- The protest was deemed "a riot": Lo said the demonstration was being considered a "riot." He added that police had been left with "no choice but to start to use force." Up to 5,000 police in riot gear were deployed to guard the building. Protesters were seen wearing helmets, goggles and heavy-duty workman's gloves, and pulling bricks from the sidewalks.
- Debate over the bill was postponed: The city's legislative council had been due to hold the second reading of the controversial bill Wednesday morning local time, but it was postponed. The bill has been met with widespread opposition, including from the city's traditionally conservative business community.
- What officials are saying: Despite the mass demonstrations, Hong Kong's leader Carrie Lam has refused to withdraw the extradition bill, saying it is needed to plug loopholes to prevent the city from becoming a haven for mainland fugitives.
President Donald Trump said Wednesday that he hopes things work out between the Chinese central government and Hong Kong demonstrators protesting changes to an extradition bill.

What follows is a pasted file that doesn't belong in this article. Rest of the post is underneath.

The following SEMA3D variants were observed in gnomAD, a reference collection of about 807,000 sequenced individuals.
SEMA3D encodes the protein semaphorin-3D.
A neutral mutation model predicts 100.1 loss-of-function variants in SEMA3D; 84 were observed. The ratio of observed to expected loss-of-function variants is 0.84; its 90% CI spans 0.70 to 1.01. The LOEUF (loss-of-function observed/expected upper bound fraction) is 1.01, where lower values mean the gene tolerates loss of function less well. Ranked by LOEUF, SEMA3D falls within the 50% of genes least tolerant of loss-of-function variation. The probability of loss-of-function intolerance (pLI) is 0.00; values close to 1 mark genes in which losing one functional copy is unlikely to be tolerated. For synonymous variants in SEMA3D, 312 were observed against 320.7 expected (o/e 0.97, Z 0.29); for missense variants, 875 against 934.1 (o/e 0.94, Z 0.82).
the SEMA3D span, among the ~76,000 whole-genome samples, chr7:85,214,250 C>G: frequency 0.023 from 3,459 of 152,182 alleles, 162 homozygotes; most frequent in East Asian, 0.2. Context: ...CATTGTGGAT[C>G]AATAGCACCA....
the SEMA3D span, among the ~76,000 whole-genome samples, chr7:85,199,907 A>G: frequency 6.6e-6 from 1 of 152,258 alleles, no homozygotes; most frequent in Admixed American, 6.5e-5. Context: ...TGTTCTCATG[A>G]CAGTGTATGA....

“I looked today and that really is a million people. A lot of times people talk about, they had 2,000 people but it was really 1,000 or it was 200. I see it all the time … but when you look at this demonstration, they said it was a million people. That was a million people,” Trump told reporters in the Oval Office.
“That was as big a demonstration as I’ve ever seen, so I hope it all works out for China and for Hong Kong,” he continued.
Asked if protesters are sending a message to China with these demonstrations, Trump said, “I don’t know what they’re sending them. That’s a demonstration that they’re having. I understand the reason for the demonstration, but I’m sure they’ll be able to work it out. I hope they’ll be able to work it out with China."
At least 72 people have been injured in Hong Kong protests over the bill.